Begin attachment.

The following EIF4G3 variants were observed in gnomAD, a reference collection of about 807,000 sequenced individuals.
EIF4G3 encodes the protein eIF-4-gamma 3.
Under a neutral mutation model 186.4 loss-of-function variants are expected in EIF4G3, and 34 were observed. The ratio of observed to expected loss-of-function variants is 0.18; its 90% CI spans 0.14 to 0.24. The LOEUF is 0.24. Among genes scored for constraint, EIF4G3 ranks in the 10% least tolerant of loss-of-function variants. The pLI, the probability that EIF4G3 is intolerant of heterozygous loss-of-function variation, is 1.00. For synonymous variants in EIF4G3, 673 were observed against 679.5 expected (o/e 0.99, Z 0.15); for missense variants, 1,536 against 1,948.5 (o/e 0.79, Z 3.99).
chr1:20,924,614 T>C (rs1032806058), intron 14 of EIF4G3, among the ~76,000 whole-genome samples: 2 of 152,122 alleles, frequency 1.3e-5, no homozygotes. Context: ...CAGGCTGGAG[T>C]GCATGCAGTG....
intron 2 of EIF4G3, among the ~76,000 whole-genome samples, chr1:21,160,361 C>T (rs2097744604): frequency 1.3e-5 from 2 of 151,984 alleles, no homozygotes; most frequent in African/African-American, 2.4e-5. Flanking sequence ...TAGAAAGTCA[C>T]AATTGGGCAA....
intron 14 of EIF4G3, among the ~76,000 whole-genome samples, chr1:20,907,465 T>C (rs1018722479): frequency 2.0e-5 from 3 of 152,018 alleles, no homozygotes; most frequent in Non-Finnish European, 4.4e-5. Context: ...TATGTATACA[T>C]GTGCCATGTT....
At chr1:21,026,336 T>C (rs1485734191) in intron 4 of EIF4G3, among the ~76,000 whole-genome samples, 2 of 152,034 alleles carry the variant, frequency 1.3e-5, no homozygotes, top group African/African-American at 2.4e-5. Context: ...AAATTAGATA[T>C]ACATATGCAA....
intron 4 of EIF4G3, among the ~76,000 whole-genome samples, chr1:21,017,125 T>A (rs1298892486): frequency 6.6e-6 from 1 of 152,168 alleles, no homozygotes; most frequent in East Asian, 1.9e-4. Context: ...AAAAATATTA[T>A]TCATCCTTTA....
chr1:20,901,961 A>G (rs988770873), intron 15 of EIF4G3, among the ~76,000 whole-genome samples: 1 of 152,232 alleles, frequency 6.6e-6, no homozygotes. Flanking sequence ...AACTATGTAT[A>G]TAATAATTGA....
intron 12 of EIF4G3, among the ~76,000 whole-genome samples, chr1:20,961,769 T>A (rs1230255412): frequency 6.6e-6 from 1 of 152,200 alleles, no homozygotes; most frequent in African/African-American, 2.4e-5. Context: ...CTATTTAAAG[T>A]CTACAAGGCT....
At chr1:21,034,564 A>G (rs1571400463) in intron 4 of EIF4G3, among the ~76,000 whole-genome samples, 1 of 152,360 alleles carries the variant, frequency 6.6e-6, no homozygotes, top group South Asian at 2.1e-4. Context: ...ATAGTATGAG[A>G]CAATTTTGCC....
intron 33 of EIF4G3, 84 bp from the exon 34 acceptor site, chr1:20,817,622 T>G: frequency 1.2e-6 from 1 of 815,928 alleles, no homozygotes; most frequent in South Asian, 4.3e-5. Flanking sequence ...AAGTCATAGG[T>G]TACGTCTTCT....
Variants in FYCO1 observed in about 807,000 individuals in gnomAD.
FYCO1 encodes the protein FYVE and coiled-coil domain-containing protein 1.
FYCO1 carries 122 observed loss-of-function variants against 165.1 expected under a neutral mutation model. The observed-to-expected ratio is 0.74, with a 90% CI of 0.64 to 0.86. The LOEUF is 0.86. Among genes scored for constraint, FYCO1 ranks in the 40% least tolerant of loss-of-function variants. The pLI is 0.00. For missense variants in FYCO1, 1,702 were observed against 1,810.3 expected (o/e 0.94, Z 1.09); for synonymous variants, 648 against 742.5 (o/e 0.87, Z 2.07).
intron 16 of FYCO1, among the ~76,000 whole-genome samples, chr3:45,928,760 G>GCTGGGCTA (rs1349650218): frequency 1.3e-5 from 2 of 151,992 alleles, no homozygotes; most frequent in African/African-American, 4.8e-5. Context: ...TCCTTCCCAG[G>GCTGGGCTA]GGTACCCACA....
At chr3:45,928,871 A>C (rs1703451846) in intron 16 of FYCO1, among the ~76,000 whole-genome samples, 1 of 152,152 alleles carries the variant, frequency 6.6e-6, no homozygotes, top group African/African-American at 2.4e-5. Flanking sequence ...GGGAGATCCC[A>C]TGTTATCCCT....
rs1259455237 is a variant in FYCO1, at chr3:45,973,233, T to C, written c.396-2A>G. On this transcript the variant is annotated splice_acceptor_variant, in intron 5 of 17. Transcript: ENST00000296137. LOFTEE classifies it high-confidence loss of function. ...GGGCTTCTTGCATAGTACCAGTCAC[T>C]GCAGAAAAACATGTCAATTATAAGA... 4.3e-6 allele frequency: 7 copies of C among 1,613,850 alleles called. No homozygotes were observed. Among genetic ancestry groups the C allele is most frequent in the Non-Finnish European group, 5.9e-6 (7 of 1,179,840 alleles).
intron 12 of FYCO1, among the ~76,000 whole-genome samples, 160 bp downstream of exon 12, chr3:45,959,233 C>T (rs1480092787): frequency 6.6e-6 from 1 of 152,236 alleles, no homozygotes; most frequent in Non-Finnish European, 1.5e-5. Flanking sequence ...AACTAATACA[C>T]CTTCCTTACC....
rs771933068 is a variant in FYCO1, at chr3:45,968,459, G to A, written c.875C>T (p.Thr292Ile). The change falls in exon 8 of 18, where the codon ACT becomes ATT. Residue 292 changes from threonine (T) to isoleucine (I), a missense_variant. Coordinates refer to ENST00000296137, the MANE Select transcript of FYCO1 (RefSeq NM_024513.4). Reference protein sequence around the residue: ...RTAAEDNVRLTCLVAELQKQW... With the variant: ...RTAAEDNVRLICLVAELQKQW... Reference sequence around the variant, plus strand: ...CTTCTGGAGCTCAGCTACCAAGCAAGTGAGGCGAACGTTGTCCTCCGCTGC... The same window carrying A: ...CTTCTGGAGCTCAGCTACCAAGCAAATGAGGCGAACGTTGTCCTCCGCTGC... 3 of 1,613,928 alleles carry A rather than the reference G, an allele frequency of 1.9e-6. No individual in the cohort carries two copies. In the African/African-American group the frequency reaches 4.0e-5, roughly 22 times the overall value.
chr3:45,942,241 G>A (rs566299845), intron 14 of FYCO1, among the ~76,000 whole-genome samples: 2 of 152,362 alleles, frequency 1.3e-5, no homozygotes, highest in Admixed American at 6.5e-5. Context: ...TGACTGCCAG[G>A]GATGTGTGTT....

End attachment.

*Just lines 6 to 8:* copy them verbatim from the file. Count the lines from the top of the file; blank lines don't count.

intron 14 of EIF4G3, among the ~76,000 whole-genome samples, chr1:20,907,465 T>C (rs1018722479): frequency 2.0e-5 from 3 of 152,018 alleles, no homozygotes; most frequent in Non-Finnish European, 4.4e-5. Context: ...TATGTATACA[T>C]GTGCCATGTT....
At chr1:21,026,336 T>C (rs1485734191) in intron 4 of EIF4G3, among the ~76,000 whole-genome samples, 2 of 152,034 alleles carry the variant, frequency 1.3e-5, no homozygotes, top group African/African-American at 2.4e-5. Context: ...AAATTAGATA[T>C]ACATATGCAA....
intron 4 of EIF4G3, among the ~76,000 whole-genome samples, chr1:21,017,125 T>A (rs1298892486): frequency 6.6e-6 from 1 of 152,168 alleles, no homozygotes; most frequent in East Asian, 1.9e-4. Context: ...AAAAATATTA[T>A]TCATCCTTTA....